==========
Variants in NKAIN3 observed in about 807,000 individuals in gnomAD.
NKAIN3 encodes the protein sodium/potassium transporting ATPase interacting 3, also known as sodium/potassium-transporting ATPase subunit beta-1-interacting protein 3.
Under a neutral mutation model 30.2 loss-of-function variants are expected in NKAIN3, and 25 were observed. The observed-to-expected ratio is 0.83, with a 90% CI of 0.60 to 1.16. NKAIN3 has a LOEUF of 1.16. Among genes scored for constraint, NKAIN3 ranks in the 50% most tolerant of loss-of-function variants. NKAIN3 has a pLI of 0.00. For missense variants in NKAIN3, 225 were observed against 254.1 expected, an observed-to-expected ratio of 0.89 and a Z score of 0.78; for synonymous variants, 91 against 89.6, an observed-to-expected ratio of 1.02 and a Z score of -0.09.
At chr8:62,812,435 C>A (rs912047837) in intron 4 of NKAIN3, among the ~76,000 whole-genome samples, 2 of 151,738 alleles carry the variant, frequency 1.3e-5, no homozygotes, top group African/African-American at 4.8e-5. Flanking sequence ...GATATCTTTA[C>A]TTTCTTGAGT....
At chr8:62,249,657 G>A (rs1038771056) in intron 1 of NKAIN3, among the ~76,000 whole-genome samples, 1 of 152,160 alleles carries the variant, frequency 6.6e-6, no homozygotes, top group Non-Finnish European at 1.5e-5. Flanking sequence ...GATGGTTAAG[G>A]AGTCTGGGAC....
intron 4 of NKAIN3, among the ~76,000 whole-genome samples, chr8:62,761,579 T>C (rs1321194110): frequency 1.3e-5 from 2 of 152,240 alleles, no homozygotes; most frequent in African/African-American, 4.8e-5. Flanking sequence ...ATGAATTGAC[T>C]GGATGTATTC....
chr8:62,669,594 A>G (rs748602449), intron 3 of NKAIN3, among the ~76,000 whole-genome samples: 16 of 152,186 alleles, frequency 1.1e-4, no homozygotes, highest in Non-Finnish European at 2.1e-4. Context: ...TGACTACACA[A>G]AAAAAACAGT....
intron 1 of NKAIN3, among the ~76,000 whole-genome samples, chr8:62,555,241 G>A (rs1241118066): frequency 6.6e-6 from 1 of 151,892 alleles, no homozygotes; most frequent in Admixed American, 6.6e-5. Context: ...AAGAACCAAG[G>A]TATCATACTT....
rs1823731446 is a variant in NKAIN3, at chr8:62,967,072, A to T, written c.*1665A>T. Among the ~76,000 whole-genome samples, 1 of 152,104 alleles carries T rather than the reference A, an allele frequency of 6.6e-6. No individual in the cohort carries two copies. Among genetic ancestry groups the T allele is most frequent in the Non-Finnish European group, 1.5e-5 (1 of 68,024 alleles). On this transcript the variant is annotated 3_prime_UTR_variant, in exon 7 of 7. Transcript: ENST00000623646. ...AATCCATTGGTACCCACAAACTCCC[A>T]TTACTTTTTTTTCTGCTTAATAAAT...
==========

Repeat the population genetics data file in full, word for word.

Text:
Variants in NKAIN3 observed in about 807,000 individuals in gnomAD.
NKAIN3 encodes the protein sodium/potassium transporting ATPase interacting 3, also known as sodium/potassium-transporting ATPase subunit beta-1-interacting protein 3.
Under a neutral mutation model 30.2 loss-of-function variants are expected in NKAIN3, and 25 were observed. The observed-to-expected ratio is 0.83, with a 90% CI of 0.60 to 1.16. NKAIN3 has a LOEUF of 1.16. Among genes scored for constraint, NKAIN3 ranks in the 50% most tolerant of loss-of-function variants. NKAIN3 has a pLI of 0.00. For missense variants in NKAIN3, 225 were observed against 254.1 expected, an observed-to-expected ratio of 0.89 and a Z score of 0.78; for synonymous variants, 91 against 89.6, an observed-to-expected ratio of 1.02 and a Z score of -0.09.
At chr8:62,812,435 C>A (rs912047837) in intron 4 of NKAIN3, among the ~76,000 whole-genome samples, 2 of 151,738 alleles carry the variant, frequency 1.3e-5, no homozygotes, top group African/African-American at 4.8e-5. Flanking sequence ...GATATCTTTA[C>A]TTTCTTGAGT....
At chr8:62,249,657 G>A (rs1038771056) in intron 1 of NKAIN3, among the ~76,000 whole-genome samples, 1 of 152,160 alleles carries the variant, frequency 6.6e-6, no homozygotes, top group Non-Finnish European at 1.5e-5. Flanking sequence ...GATGGTTAAG[G>A]AGTCTGGGAC....
intron 4 of NKAIN3, among the ~76,000 whole-genome samples, chr8:62,761,579 T>C (rs1321194110): frequency 1.3e-5 from 2 of 152,240 alleles, no homozygotes; most frequent in African/African-American, 4.8e-5. Flanking sequence ...ATGAATTGAC[T>C]GGATGTATTC....
chr8:62,669,594 A>G (rs748602449), intron 3 of NKAIN3, among the ~76,000 whole-genome samples: 16 of 152,186 alleles, frequency 1.1e-4, no homozygotes, highest in Non-Finnish European at 2.1e-4. Context: ...TGACTACACA[A>G]AAAAAACAGT....
intron 1 of NKAIN3, among the ~76,000 whole-genome samples, chr8:62,555,241 G>A (rs1241118066): frequency 6.6e-6 from 1 of 151,892 alleles, no homozygotes; most frequent in Admixed American, 6.6e-5. Context: ...AAGAACCAAG[G>A]TATCATACTT....
rs1823731446 is a variant in NKAIN3, at chr8:62,967,072, A to T, written c.*1665A>T. Among the ~76,000 whole-genome samples, 1 of 152,104 alleles carries T rather than the reference A, an allele frequency of 6.6e-6. No individual in the cohort carries two copies. Among genetic ancestry groups the T allele is most frequent in the Non-Finnish European group, 1.5e-5 (1 of 68,024 alleles). On this transcript the variant is annotated 3_prime_UTR_variant, in exon 7 of 7. Transcript: ENST00000623646. ...AATCCATTGGTACCCACAAACTCCC[A>T]TTACTTTTTTTTCTGCTTAATAAAT...